Stephen Horenstein
Music, Arts and Society

Holocaust Day: Robbed of our silence

I have just stood at the 10 AM remembrance for those who perished in the Holocaust. The sirens blared. But there was no silence to embrace them. There was no silence to embrace the memory of the dead. There was no silence to allow me to mourn with others, for a block away from my house, the heavy jackhammers and machinery kept pounding and drowned out even the sirens, and drowned out my silence.

I am so so angry. I feel robbed. I feel violated. I feel as though today something  changed.  I am terrified.  I am nauseated. If it were a car or two, I might understand.  But we are talking about a crew of (no doubt) dozens of people working simultaneously on a giant construction site adjacent to Beit HaNatziv and a local Tama 38 project on Ein Gedi Street, Jerusalem.  These projects are being built by Israel firms, with managers, foremen and supervisors.  Are they responsible?

This is one of the two most painful days in our country’s year.  But this is the first time I can remember having the ceremony smeared with apathy, ignorance and perhaps even hatred.  We have become a country of doers, but less “empathizers”. Who is REALLY responsible?  We are.  We are the ones who have, in the name of progress, encouraged the values of profit over respect.

How difficult is it to organize a few minutes of “cavod” (respect)?  How difficult is it to maintain a sacred tradition, which is shared by most in our country?  Will the same thing happen on Remembrance Day?  My guess is YES, unless someone takes notice, whether the project supervisors, the municipality, or the Prime Minister.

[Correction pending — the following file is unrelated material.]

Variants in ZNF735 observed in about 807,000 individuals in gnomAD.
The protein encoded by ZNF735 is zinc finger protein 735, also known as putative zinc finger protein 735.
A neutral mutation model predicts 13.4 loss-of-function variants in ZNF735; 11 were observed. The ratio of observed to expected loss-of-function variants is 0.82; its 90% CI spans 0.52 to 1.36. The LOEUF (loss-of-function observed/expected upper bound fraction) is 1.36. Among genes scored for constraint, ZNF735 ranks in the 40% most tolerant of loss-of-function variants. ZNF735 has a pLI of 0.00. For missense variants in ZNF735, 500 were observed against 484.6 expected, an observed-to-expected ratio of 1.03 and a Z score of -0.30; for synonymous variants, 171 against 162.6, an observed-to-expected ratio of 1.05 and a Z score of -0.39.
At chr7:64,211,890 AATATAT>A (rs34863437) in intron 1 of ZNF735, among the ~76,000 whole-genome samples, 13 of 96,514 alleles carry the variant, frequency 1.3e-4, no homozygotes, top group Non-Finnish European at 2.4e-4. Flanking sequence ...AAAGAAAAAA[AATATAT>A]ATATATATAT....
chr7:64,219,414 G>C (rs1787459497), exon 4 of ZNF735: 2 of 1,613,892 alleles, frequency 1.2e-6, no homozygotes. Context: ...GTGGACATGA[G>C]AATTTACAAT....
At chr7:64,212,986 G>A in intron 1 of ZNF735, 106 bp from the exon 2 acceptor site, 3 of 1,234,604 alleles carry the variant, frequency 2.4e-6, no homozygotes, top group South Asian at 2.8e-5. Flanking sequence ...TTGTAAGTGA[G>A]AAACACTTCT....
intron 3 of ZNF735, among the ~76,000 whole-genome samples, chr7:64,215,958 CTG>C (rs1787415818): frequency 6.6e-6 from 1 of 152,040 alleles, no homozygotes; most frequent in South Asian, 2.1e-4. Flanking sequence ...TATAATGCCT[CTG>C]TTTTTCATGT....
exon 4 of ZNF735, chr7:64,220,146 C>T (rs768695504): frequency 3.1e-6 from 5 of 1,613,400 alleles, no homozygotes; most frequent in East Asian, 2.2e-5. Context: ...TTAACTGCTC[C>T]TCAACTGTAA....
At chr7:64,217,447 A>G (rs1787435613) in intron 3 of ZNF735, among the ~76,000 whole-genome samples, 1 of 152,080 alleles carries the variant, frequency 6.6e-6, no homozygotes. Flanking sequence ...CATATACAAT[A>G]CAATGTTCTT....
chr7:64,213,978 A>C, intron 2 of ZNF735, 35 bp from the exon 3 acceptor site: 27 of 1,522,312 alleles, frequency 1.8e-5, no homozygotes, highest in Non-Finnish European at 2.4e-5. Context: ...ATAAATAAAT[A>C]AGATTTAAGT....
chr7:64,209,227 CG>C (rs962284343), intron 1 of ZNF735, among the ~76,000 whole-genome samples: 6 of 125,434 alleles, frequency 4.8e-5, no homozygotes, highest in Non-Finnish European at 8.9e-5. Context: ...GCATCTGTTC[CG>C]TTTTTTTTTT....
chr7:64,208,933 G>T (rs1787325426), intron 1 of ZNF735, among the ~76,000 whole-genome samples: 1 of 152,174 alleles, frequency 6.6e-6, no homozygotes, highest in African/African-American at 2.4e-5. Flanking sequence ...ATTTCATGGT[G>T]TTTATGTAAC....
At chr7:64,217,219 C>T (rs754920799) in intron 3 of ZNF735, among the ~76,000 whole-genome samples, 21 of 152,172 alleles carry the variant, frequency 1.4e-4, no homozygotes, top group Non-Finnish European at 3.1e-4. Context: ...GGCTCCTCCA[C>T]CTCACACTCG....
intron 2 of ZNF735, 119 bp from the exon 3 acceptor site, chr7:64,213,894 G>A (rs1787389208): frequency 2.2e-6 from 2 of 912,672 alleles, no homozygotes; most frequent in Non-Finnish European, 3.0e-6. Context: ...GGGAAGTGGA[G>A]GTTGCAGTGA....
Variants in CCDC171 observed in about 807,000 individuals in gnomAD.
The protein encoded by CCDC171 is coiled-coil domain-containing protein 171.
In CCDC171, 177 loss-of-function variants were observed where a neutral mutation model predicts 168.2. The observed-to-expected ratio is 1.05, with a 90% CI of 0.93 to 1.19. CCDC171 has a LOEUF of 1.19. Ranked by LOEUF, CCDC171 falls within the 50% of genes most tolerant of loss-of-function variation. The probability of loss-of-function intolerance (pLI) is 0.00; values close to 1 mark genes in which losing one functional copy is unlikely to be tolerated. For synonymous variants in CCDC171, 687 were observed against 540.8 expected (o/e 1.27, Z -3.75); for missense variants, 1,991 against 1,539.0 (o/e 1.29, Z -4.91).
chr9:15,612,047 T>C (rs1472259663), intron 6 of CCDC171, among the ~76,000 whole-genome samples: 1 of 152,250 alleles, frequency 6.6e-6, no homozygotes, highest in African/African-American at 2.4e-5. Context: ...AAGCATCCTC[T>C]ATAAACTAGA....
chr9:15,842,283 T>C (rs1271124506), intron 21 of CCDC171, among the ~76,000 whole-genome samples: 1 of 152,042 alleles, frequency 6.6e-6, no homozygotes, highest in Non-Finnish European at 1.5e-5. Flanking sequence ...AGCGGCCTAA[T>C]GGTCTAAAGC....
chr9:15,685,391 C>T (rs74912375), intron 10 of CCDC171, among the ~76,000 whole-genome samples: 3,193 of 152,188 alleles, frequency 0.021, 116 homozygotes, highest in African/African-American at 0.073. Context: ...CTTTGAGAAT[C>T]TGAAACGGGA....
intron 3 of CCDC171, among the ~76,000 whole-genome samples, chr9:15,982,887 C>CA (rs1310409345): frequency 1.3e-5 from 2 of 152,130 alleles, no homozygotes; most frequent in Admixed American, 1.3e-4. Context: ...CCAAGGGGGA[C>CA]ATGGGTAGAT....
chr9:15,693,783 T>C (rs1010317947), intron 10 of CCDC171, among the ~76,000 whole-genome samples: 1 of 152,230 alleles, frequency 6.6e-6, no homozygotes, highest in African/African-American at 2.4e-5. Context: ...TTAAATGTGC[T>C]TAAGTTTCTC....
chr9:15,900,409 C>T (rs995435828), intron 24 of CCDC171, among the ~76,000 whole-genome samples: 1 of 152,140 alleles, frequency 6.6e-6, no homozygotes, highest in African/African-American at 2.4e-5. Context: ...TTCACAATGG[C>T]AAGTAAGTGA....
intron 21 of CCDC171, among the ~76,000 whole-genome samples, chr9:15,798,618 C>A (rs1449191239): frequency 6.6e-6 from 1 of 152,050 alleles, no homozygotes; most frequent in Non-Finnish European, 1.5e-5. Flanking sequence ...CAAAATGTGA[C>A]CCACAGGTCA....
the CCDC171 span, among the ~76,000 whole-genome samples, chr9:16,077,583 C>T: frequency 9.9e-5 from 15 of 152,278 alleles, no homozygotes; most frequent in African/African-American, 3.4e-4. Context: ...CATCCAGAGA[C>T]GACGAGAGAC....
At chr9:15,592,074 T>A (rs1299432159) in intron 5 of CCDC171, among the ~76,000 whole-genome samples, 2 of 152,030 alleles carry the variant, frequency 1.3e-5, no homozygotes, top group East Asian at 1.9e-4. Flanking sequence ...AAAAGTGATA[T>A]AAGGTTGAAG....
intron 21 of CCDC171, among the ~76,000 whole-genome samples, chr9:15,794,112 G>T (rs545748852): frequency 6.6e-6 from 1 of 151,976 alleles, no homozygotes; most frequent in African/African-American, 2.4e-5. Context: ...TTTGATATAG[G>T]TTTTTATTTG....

I have decided.  If it happens again, I will run screaming toward the building sites.  I will do everything in my power to stop them.  I will take pictures if I must.  Because at the end of the day it is not US who are being violated, but rather those who perished.  If such violations are allowed to continue with no mention or attempt to correct them, than we deserve to brew in our own gruel of hardness and cacophony, while the voices of deceased loved ones rise further, beyond the anger, to their eternal silence.

About the Author
Stephen Horenstein is a composer, researcher and educator. His repertoire of musical works has been performed and recorded worldwide. He has been a recipient of the Israel Prime Minister's Prize for Composers and the National Endowment of the Arts (USA). His teaching has included Bennington College, Brandeis University, Tel Aviv University, Jerusalem Academy of Music and Dance; residencies at Stanford University, York University, California Institute of the Arts, and others. He is Founder and Director of the Jerusalem Institute of Contemporary Music, established in 1988 to bring the music of our time to a wider audience.
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